Hmmm Maybe that’s supposed to be about horses. But this particular week was about fish. Most definitely about fish. But before I tell you about this particular fish, you need a little background.
You see, it all started when I decided to write our Bible Nature Camp curriculum for this year, using the theme of cold-blooded vertebrates (reptiles, amphibians, and fish). I’ve been working on it since January, and thinking about it since before that. For the last month, I’ve been eating and sleeping cold-blooded vertebrates, it seems. Eating, literally, as I tried out all the snacks so I could confirm recipes and write them up. I had a stegasaurus sandwich, snakes-in-the-dust, sticky tongue cookie, and tuna turtles. I also tried out all the crafts, making sure they worked, and figuring out the best way to do them. (It was fun!) But forgive me, I’m getting off the subject. We were discussing fish. Most definitely fish.
When I’m in the curriculum-writing mode, I’m constantly on the lookout for anything that relates. Several weeks before VBS (Vacation Bible School — same event as Bible Nature camp, just the usual name), I realized I had to stop by a pet store to find a bubbler to put in the tank with the bullfrog tadpoles I had ordered. They didn’t seem to be thriving, so I thought some extra oxygen might help. At the time, I was driving back to Middletown from the St. Matthews area. The only place I could think of to stop was Feeder’s Supply in Middletown. Enter Fish #1.
As soon as I walked into the store, I saw him: huge and orange, he hung merrily from the ceiling, announcing the location of the aquarium supplies. It was a giant, stuffed clownfish which immediately precipitated this thought, “Wow! what a great decoration for VBS!” After a nice staff member helped me find what I needed, I asked about the possibility of loaning the fish to us for a week. She got the manager for me. As I started to explain my request, she immediately began to give negative feedback, citing the sensitivity of fish to change…….obviously she thought I was asking to borrow a real fish! “No, no,” I said, pointing above her head, “I mean THAT fish.”
“Oh, THAT fish,” she replied. “You can HAVE that!” Turns out it had been given to them by a customer whose daughter had won it at the fair. She didn’t know what to do with it besides hang it up, but, she explained, “It’s a tropical fish, and we don’t even SELL tropical fish!” She was glad to get rid of it! So I walked out of the store with a bubbler, and a free, 3-foot-long, orange, stuffed clownfish that looked like Nemo on growth hormones. It was the kind of unexpected, providential gift that put a big smile into my day. And it DID make a great VBS decoration, hanging from the ceiling over the craft area.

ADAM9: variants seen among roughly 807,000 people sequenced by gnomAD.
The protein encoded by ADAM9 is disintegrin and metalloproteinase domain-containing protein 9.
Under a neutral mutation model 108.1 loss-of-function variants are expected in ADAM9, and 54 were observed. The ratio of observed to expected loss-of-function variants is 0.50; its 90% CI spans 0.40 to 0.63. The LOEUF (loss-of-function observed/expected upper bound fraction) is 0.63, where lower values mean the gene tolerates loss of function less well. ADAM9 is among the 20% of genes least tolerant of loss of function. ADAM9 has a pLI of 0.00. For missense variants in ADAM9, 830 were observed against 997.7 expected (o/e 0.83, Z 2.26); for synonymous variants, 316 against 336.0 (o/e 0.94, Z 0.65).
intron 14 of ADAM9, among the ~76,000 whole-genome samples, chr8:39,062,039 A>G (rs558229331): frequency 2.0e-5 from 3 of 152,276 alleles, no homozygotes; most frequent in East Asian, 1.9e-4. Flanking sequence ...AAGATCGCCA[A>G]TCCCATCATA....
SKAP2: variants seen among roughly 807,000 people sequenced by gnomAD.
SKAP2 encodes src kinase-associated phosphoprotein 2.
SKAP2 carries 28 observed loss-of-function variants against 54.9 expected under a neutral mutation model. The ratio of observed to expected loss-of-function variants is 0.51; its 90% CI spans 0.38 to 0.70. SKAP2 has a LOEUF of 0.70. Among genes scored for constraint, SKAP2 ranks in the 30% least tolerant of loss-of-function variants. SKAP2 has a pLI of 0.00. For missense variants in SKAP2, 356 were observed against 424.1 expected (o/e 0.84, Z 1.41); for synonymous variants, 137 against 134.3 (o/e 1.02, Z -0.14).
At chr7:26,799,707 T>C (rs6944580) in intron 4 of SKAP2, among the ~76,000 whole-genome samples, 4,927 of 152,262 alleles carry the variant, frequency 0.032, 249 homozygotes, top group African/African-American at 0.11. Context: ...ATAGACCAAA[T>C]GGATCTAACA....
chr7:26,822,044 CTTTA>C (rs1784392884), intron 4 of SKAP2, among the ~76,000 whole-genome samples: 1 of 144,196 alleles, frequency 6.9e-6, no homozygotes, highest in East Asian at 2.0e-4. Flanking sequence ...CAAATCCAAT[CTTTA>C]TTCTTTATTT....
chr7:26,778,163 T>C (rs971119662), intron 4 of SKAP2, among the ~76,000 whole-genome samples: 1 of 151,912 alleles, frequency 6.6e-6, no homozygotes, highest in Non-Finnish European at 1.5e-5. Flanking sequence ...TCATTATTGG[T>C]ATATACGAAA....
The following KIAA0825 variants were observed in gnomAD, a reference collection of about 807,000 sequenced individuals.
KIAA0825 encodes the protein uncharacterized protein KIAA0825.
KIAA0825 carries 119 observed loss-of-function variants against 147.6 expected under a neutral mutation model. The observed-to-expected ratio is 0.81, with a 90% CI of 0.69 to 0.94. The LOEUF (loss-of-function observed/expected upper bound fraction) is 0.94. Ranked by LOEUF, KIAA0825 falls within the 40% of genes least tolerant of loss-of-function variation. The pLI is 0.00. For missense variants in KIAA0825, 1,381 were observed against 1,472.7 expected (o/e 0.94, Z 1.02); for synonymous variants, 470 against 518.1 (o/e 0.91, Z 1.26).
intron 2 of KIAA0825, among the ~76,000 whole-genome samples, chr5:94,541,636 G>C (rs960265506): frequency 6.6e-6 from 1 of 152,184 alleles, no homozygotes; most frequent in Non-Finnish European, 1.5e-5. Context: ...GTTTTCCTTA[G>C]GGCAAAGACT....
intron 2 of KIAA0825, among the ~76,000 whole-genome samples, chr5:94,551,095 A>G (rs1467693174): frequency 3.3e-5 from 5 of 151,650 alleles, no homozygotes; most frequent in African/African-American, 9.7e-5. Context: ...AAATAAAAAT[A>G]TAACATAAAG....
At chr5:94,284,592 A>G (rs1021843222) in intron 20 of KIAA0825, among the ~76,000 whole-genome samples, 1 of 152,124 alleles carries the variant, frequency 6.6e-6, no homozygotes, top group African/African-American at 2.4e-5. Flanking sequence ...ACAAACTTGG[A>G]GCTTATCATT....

Three days later, a black man knocked on our door. He was a relative of folks who used to live on our farm, and was asking to go fishing in the lake. “Sure, that’s fine,” I said. “Oh, BY THE WAY, I need a dead fish to use in VBS, to show the kids the external characteristics of a fish. Would you be so kind as to bring me a little fish if you catch an extra one?” Some 5 or 6 hours later, Ted found fish #2 — a dead fish — laid on our doorstep. He brought it into the kitchen. “Do you have any idea why there is a dead fish on our doorstep?,” he asked. (Now, really, why would he be asking ME?) What would your typical housewife do when confronted with a dead fish? She would probably say “ewww” and hold her nose. Guess what I did. I jumped up and down and clapped, saying “Oh boy, oh boy, I have my fish for VBS!” I was right to be excited, too! The fish was a big hit with the kids, who got to touch it, feel the scales and fins, and look into the gills and mouth. (I had kept it in the freezer in the interim, so no, it wasn’t rotting or smelly, except for the usual fish smell).
For anyone who cares, VBS was a great success. It was this past week (7/27-31), which is why I haven’t posted before. We even had the KY Reptile Zoo to come on Tuesday, bringing 6 reptiles to show and talk about. One of the other ladies in the church helped me to dress sort of like Ms. Frizzle of The Magic Schoolbus fame. I had a different smock for each day, except Tuesday, serpent day, when I wore a green t-shirt with a giant stuffed boa wrapped around me. Since I don’t have a picture of giant Nemo, I’ll swallow my reserve and include a picture of me taken on amphibian day. And I’ll throw in a few others for good measure.
I’ve had my “do crazy things to educate little kids” fix for the year. Now I can get back to a normal, sane life. Children, do you believe me???
Serena’s wonderful artwork surrounded our banner.
The children watching the reptiles. In this case, a timber rattler.
The snack queen and her crew assemble sticky tongue cookies.
Your’s truly on amphibian day.
Playing musical lily pads with hop balls.
One Reply to “Never look a gift fish in the mouth”
Great week, great creativity, great pics and great post! (and I’m biased, but so what?)
We love and appreciate you so much, hun.– you are the queen of critters & VBS.